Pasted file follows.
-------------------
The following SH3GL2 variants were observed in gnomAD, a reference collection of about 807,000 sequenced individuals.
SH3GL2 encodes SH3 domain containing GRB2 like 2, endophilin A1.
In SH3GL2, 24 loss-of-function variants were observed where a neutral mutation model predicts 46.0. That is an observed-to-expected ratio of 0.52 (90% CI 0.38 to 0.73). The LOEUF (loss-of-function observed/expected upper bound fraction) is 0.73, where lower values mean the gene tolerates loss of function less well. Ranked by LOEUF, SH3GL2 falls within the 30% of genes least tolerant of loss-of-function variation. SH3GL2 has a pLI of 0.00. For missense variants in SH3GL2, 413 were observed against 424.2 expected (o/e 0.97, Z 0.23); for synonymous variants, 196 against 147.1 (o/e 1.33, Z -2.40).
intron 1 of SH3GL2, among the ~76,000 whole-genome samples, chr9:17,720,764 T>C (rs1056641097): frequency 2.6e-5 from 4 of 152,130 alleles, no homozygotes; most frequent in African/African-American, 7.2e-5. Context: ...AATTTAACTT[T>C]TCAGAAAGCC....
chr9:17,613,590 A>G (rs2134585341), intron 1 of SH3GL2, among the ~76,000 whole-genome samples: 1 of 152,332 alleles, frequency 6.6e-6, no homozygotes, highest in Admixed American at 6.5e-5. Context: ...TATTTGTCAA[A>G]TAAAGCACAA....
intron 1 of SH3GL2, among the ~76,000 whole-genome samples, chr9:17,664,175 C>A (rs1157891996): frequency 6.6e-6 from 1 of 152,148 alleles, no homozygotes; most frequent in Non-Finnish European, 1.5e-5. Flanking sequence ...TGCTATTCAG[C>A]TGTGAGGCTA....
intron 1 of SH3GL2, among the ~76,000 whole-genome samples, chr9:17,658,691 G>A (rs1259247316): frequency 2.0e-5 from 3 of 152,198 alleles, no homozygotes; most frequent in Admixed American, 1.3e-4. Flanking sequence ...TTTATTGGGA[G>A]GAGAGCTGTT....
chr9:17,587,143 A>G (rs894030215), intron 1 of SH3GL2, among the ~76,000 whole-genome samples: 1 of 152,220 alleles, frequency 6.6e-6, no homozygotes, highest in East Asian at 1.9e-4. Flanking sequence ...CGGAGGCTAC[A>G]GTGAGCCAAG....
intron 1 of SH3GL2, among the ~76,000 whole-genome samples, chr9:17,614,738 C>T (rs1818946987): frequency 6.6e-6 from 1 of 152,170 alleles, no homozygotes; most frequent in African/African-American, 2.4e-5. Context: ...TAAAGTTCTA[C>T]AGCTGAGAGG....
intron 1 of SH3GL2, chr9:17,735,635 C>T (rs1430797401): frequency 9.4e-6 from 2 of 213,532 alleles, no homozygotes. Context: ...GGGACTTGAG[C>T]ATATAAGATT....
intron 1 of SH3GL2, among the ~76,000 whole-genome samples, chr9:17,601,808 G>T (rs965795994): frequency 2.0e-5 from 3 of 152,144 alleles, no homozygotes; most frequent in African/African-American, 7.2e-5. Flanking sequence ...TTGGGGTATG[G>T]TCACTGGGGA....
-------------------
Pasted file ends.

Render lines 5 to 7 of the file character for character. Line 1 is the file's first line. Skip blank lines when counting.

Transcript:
chr9:17,613,590 A>G (rs2134585341), intron 1 of SH3GL2, among the ~76,000 whole-genome samples: 1 of 152,332 alleles, frequency 6.6e-6, no homozygotes, highest in Admixed American at 6.5e-5. Context: ...TATTTGTCAA[A>G]TAAAGCACAA....
intron 1 of SH3GL2, among the ~76,000 whole-genome samples, chr9:17,664,175 C>A (rs1157891996): frequency 6.6e-6 from 1 of 152,148 alleles, no homozygotes; most frequent in Non-Finnish European, 1.5e-5. Flanking sequence ...TGCTATTCAG[C>A]TGTGAGGCTA....
intron 1 of SH3GL2, among the ~76,000 whole-genome samples, chr9:17,658,691 G>A (rs1259247316): frequency 2.0e-5 from 3 of 152,198 alleles, no homozygotes; most frequent in Admixed American, 1.3e-4. Flanking sequence ...TTTATTGGGA[G>A]GAGAGCTGTT....